Holocaust Museum restoration expert saves ghetto diary

Working with the precision of a jeweler and at the speed of an Andy Warhol film, Emily Jacobson slowly and methodically pieced together the charred, coffee-colored wisps of paper.

Slowly but inevitably, a collection of tatters that, since the end of World War II, had resembled an envelope of incinerated postage stamps, were transformed into a visceral wail from the past.

“One little section had the words ‘witnesses’ and ‘monstrous’ and ‘mothers and children thrown’ and ‘one infant … and the other shot,'” recalled Jacobson, a restoration expert at the U.S. Holocaust Memorial Museum in Washington, D.C.

“There were all these little fragments and I was thinking, ‘What is going on here?'”

Jacobson is, literally, a paper person. Whenever the Holocaust Museum obtains a war-era document that’s in bad shape, it falls upon her to restore it to a legible state. Other museum experts specialize in restoring shoes, hairbrushes, concentration camp uniforms or Star of David armbands. It’s an extremely esoteric occupation, and not the sort a kindergartener tells his class he wants to be when he grows up.

It’s also a painstaking job that calls for knowledge of chemistry, history and incredible patience. Over the course of two and a half years, Jacobson meticulously reconstituted the 20 aforementioned soiled paper fragments into five double-sided pages retelling one girl’s horrific experiences in the Warsaw ghetto.

The Maryland resident spoke about the diary and her efforts to salvage it Thursday, April 6 at a Palo Alto senior facility.

The diary was penned by a girl of 16 or 17 named Debora, and no last name is known. Along with another Jewish girl of similar age named Lusia Hornstein, Debora lived outside the Warsaw ghetto in 1943 and ’44, posing as a Polish Catholic.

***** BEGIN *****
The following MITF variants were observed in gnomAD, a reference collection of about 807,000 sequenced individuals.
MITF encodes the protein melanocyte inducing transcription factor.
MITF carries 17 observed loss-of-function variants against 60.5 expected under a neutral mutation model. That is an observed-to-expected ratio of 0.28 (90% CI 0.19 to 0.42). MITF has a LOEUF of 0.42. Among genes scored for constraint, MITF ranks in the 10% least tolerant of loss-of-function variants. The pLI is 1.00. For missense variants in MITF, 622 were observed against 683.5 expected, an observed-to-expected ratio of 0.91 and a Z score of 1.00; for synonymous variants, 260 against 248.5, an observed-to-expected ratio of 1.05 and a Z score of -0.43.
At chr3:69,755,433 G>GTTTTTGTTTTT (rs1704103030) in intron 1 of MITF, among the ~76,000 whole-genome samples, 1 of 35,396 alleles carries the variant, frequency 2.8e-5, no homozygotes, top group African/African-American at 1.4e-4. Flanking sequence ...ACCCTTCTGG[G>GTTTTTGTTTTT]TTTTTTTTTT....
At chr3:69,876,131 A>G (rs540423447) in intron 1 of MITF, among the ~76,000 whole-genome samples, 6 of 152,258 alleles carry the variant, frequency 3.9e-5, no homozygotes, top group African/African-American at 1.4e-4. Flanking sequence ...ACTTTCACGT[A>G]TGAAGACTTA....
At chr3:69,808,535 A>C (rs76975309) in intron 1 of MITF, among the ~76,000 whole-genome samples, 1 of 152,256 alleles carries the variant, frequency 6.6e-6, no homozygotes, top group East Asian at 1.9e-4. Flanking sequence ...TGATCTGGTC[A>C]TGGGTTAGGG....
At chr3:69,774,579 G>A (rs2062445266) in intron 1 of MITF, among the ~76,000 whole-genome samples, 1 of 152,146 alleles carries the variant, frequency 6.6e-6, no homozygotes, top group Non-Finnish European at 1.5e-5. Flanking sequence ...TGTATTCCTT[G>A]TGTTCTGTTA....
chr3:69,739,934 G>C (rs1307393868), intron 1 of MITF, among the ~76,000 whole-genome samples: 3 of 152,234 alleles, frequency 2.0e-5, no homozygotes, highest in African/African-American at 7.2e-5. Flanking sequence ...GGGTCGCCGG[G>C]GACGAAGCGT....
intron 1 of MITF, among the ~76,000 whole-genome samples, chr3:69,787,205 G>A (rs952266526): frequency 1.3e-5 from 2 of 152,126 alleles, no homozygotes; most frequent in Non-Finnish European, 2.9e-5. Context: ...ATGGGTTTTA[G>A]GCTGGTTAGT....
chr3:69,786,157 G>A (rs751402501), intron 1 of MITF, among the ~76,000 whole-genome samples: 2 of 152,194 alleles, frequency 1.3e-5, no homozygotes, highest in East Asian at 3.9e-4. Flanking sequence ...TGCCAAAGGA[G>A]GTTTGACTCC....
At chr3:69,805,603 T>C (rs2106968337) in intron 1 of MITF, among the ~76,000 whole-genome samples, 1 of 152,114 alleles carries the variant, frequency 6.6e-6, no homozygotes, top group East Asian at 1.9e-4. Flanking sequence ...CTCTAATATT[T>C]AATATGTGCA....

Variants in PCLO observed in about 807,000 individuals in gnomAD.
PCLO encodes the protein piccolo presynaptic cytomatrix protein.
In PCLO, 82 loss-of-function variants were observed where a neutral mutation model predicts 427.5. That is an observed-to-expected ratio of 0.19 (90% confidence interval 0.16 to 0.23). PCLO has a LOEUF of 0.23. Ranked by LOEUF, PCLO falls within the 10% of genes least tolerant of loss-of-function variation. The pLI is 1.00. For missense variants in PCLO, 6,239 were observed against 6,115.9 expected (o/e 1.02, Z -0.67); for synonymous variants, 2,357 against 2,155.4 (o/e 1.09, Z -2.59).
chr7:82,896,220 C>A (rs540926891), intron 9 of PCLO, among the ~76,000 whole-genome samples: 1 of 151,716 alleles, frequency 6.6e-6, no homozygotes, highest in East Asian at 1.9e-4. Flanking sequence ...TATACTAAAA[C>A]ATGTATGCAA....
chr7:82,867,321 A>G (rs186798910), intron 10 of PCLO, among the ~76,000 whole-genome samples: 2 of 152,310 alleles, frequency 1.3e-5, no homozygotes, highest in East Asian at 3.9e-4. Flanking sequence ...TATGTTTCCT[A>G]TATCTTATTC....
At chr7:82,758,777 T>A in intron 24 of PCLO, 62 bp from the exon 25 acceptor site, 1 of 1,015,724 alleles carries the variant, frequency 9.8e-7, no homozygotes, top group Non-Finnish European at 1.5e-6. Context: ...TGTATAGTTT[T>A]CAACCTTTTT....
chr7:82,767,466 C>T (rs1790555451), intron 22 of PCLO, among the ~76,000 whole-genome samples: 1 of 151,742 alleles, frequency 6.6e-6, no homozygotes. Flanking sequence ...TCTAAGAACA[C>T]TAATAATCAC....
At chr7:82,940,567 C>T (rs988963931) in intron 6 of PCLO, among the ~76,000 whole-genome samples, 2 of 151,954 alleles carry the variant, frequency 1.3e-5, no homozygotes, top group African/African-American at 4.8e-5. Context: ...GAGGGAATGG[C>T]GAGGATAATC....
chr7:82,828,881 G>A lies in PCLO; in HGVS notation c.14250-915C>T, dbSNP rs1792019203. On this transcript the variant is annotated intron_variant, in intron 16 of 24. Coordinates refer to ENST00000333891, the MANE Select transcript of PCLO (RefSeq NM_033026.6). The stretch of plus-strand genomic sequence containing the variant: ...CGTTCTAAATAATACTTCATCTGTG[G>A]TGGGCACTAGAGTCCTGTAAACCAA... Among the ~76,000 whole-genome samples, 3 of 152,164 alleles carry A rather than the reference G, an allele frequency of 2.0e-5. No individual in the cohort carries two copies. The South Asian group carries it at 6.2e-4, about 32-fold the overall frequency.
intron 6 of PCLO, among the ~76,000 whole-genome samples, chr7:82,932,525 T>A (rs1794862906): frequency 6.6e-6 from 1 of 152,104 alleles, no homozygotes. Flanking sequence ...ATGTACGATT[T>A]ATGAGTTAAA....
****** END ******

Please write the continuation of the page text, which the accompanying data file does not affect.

Both girls participated in the Polish uprising against the Nazis in 1944. Hornstein acted as a nurse and delivered anti-Nazi newspapers — which was an incredibly efficient way to get oneself killed. But it was Debora who did not survive; the diarist was killed by a German bomb.

After the Russians overran Warsaw in 1944, Hornstein returned to her former safe house to recover the diary she knew her friend kept. Jacobson believes that house was probably reduced to rubble based on the charring of the fragments, which had grown brittle and cracked along where the five pages were folded into quadrants.

Amazingly, Hornstein located the diary, and wrapped it in a scrap of Polish newspaper from which it would not emerge for six decades. Along with her future husband, she earned a medical degree in Heidelberg and immigrated to the United States. She kept the diary’s existence a secret until she was on her deathbed in 1998; it was not donated to the Holocaust Museum until 2002.

The first thing Jacobson realized when she, figuratively, got her hands on the scraps was that she would never, literally, be able to get her hands on them.

“Really, they were in such bad shape that you could breathe on it and another piece breaks off,” she said.

Splicing together the brown, brittle fragments would not be unlike reconstructing a jigsaw puzzle — a puzzle that disintegrates with one false move and takes 30 months to assemble. The first thing she did was take extensive digital photographs of the scraps and begin splicing them together on her computer, sparing the originals any further human contact.

After years of painstaking labor, Jacobson’s work was complete. The transcript of Debora’s diary can be downloaded from the Holocaust Museum’s archive at www.ushmm.org/research/library (put “Debora’s diary” into the search text).

And, after 60 years of resting, fragmented, in drawers and 30 months of restoration, the text is still as heartbreakingly evocative as ever:

By horses we took mother’s casket to the funeral home. There were there some more corpses who were not yet buried. It was a ghastly sight. Those corpses were either shot, or burned. The Kantor said a prayer over mother’s casket. I glanced at the pile of corpses. Way on the top I noticed a child. A little girl maybe two years old. She made the illusion of a little angel…

Joe Eskenazi

Joe Eskenazi is the managing editor at Mission Local. He is a former editor-at-large at San Francisco magazine, former columnist at SF Weekly and a former J. staff writer.